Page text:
Thank you, Rod. I certainly did enjoy writing it! It is a fun and challenging meter to work with.

      Reply
  2. James A. Tweedie

    A witty, inspired, well-written poetic riff on Thanksgiving and Black Friday? Who’da thunk it! I’m glad you did. A winning start to my day, fer sure!

    Reply
    • Anna J. Arredondo

      Thanks to all for your comments!

      James, I’m glad you caught my reference there; I regret that I didn’t have it finished in time to submit before Thanksgiving…

      Reply
  3. Amy Foreman

    Terrific, Anna: the rhythm, the satire, the wit. And your internal rhymes are perfect! This was brilliantly done!

    Reply
  4. Waldeci Erebus

    As I mentioned on another strand, I am sorry I could not have gotten to Ms. Arredondo’s striking “The Turkey Vulture” earlier than I have. Time passes so quickly, and there is so much to do—most of it never being accomplished. But “The Turkey Vulture” is certainly accomplished. The richness of her diction is exactly what I am striving for in my own poetry. And Poe’s experiments in meter, are exactly what is needed here in the New Millennium. Are we up to the task?

    For me, Poe is the first great American Poet, and “The Raven” the foremost American Poem. I feel many other American poets are superior to Poe, like T. S. Eliot, but he remains for me, one of our most powerful literary figures for his short stories, his criticism, and “The Raven”. I think Poe fails everywhere else in his poetry; but in “The Raven” he hits, what Reid McGrath would call, a home run. A recent poem of mine on the latest coronavirus, actually drew from Poe’s Prose, remarkable in so many of his extraordinary tales, like “The Sphinx”, which I drew from, and masterpieces, like “The Fall of the House of Usher”.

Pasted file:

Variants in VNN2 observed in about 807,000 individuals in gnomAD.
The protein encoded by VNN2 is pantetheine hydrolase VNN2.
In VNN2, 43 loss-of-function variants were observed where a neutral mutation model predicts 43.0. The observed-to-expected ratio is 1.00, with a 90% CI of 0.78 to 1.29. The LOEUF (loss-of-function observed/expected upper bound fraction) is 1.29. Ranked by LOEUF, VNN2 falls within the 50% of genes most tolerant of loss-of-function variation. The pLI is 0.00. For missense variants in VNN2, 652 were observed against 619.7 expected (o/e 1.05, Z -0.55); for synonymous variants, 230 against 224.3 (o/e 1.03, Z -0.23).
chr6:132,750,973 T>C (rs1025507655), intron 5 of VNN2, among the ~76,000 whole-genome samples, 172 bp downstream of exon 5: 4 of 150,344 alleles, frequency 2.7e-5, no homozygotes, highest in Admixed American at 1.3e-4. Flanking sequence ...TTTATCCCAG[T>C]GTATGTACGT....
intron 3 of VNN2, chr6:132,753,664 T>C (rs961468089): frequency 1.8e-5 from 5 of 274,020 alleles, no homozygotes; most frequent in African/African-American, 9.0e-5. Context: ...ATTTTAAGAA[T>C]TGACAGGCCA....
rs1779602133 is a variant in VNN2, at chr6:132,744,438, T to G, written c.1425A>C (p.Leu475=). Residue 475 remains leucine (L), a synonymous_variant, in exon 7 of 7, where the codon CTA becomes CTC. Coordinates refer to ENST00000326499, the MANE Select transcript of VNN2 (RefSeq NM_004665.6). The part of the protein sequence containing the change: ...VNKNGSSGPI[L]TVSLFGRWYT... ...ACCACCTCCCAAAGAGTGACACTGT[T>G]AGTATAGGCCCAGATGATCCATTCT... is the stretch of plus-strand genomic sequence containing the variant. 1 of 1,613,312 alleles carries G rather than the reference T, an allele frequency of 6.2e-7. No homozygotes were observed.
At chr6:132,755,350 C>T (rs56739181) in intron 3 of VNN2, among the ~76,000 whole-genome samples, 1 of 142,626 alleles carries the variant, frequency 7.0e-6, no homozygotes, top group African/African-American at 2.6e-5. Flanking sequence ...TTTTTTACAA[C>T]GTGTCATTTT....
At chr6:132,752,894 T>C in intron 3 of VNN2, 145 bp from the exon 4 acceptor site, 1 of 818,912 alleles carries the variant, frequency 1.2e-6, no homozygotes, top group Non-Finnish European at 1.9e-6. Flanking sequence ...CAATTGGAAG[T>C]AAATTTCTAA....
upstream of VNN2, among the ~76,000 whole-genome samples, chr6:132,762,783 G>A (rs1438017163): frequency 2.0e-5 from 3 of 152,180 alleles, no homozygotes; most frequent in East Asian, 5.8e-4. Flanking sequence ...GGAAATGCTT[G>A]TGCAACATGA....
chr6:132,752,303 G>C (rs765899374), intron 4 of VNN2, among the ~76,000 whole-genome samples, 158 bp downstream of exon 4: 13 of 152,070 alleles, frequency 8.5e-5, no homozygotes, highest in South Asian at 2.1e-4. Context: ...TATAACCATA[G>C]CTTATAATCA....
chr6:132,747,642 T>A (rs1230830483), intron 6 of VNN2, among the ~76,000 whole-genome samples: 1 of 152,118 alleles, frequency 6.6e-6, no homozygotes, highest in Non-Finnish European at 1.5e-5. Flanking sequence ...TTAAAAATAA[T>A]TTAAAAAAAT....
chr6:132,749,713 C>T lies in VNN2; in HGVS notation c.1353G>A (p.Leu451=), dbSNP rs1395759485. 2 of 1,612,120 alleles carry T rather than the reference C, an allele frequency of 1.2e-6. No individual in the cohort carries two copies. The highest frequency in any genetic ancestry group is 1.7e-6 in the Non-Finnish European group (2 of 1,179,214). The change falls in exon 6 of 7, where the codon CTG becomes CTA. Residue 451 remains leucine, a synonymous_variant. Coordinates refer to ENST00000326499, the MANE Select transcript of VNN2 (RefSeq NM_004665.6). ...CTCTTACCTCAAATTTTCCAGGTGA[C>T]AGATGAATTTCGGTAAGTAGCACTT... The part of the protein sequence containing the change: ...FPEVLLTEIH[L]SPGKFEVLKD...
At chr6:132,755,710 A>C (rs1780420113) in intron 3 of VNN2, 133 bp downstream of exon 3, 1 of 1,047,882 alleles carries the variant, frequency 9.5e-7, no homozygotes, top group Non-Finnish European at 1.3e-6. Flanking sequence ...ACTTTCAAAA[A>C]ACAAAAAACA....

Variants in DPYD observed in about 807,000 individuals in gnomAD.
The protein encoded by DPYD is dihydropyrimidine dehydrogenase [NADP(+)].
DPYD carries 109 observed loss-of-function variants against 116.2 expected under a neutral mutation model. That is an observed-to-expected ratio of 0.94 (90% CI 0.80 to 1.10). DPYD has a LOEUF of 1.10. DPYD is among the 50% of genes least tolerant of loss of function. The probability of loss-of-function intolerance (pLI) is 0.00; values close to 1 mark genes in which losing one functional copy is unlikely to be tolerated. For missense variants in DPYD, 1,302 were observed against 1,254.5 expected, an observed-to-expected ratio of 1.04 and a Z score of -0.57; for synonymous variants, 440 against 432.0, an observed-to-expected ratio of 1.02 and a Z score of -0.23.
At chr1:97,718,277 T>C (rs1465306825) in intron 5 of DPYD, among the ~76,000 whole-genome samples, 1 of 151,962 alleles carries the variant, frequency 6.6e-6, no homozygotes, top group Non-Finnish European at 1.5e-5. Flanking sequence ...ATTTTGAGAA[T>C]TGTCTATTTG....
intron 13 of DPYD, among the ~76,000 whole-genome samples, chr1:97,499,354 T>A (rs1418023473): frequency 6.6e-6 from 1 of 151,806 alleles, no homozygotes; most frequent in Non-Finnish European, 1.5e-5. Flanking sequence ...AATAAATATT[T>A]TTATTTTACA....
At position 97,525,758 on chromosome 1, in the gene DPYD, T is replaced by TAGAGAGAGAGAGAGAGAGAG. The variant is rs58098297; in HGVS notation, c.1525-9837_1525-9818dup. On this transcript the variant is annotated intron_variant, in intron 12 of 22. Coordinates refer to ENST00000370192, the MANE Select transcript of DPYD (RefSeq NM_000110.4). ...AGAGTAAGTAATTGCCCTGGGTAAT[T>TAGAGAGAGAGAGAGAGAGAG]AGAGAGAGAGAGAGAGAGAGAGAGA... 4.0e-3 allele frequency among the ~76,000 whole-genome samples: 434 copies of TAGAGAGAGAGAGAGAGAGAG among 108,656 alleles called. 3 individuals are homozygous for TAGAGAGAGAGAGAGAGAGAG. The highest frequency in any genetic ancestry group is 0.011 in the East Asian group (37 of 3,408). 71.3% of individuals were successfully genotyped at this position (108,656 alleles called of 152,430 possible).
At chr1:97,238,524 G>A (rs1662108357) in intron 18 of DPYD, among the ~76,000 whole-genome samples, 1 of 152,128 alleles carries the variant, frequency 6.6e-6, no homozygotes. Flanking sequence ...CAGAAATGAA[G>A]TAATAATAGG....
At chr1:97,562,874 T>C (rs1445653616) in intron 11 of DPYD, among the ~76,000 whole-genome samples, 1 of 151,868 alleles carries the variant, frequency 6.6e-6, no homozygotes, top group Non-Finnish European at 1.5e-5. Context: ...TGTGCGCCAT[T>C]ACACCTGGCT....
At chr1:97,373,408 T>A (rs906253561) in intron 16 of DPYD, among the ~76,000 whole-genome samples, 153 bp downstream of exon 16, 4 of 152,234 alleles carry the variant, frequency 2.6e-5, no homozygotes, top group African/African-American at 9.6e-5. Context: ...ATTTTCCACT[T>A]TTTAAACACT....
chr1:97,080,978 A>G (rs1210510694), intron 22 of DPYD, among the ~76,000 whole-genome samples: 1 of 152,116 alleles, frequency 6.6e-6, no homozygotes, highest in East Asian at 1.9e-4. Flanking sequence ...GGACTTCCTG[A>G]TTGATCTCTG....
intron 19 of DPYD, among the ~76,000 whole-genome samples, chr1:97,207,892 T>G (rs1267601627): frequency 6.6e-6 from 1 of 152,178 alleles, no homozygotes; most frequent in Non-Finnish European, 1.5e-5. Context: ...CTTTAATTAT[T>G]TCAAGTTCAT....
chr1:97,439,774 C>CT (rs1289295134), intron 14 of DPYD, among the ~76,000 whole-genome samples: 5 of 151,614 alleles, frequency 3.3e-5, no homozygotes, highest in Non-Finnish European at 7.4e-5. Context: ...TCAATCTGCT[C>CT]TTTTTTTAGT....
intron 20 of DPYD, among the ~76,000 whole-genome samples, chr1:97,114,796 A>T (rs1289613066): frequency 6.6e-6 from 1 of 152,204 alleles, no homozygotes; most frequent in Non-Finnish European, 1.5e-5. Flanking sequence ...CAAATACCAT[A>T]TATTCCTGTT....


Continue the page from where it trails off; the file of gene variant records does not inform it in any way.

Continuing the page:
Reply
  5. Monty

    I’m currently in Nepal for my winter sabbatical, and one of the consequences of being in such a deliciously-primitive country is the primitivism of its internet. Not being a big internet user, and a non-user of any social-media, it ain’t a problem for me. But I usually go off to find a bit of wifi somewhere once a week or so . . just for a few hours, to do some emails, etc, and have a peek at SCP. As such, it’s purely by chance as to what I see on these pages.. and what I miss. Hence, I can’t tell you how grateful I am, Anna, that I managed to catch your stunning masterpiece above; I shudder to think of how easily I could’ve missed it.

    We sometimes hear of one as having ‘a good command of our language’, but yours is off the scale! To write such a lengthy piece as this, and yet consistently maintain the unerring musical flow throughout – and all within the complexities of an internally-rhyming poem – can only be achieved by one with an exceptionally extensive vocabulary such as yours. I used the above word ‘stunning’ not as a polite superlative, but in response to the stunning extent of your use of language and phraseology. What a gift you’ve been blessed with.

    This piece deserves the widest possible audience, Anna: and I hope it somehow finds it. There must be any number of humorous-poetry-anthologies out there whose pages would be graced by your poem.

    With my highest praise . .

    p.s. Of course you don’t have to tell me, but I find myself mildly curious as to how long it took you to compose your poem: from the very start to the absolute finish.

    Reply
    • Anna J. Arredondo

      Thank you, Monty, for such high praise. I admit I was very pleased with this one. It’s the poem I’ve put the most actual “work” into out of all of them.